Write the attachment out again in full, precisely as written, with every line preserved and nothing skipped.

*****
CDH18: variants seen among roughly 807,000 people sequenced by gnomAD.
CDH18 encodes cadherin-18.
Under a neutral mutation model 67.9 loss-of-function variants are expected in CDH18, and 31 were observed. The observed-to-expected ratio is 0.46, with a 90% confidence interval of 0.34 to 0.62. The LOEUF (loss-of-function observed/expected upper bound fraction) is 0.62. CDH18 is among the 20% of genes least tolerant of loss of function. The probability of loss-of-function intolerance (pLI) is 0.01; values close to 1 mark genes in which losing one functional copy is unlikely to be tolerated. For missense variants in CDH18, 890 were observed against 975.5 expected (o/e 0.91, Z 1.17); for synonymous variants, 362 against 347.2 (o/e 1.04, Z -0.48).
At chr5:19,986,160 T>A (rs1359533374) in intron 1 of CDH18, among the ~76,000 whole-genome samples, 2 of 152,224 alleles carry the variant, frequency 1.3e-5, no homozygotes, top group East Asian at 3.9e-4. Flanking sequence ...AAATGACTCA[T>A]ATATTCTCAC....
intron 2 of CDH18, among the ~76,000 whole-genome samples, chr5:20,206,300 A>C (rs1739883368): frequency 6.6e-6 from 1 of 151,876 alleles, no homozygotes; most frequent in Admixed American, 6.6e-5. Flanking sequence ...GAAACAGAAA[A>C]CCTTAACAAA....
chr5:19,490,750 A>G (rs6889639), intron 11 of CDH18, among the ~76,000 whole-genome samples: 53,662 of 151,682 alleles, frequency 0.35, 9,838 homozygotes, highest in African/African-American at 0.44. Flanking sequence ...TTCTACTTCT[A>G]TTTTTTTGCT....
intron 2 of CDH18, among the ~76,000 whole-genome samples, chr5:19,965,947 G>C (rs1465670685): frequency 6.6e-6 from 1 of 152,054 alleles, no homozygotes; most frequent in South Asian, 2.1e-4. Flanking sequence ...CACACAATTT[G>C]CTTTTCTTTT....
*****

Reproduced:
CDH18: variants seen among roughly 807,000 people sequenced by gnomAD.
CDH18 encodes cadherin-18.
Under a neutral mutation model 67.9 loss-of-function variants are expected in CDH18, and 31 were observed. The observed-to-expected ratio is 0.46, with a 90% confidence interval of 0.34 to 0.62. The LOEUF (loss-of-function observed/expected upper bound fraction) is 0.62. CDH18 is among the 20% of genes least tolerant of loss of function. The probability of loss-of-function intolerance (pLI) is 0.01; values close to 1 mark genes in which losing one functional copy is unlikely to be tolerated. For missense variants in CDH18, 890 were observed against 975.5 expected (o/e 0.91, Z 1.17); for synonymous variants, 362 against 347.2 (o/e 1.04, Z -0.48).
At chr5:19,986,160 T>A (rs1359533374) in intron 1 of CDH18, among the ~76,000 whole-genome samples, 2 of 152,224 alleles carry the variant, frequency 1.3e-5, no homozygotes, top group East Asian at 3.9e-4. Flanking sequence ...AAATGACTCA[T>A]ATATTCTCAC....
intron 2 of CDH18, among the ~76,000 whole-genome samples, chr5:20,206,300 A>C (rs1739883368): frequency 6.6e-6 from 1 of 151,876 alleles, no homozygotes; most frequent in Admixed American, 6.6e-5. Flanking sequence ...GAAACAGAAA[A>C]CCTTAACAAA....
chr5:19,490,750 A>G (rs6889639), intron 11 of CDH18, among the ~76,000 whole-genome samples: 53,662 of 151,682 alleles, frequency 0.35, 9,838 homozygotes, highest in African/African-American at 0.44. Flanking sequence ...TTCTACTTCT[A>G]TTTTTTTGCT....
intron 2 of CDH18, among the ~76,000 whole-genome samples, chr5:19,965,947 G>C (rs1465670685): frequency 6.6e-6 from 1 of 152,054 alleles, no homozygotes; most frequent in South Asian, 2.1e-4. Flanking sequence ...CACACAATTT[G>C]CTTTTCTTTT....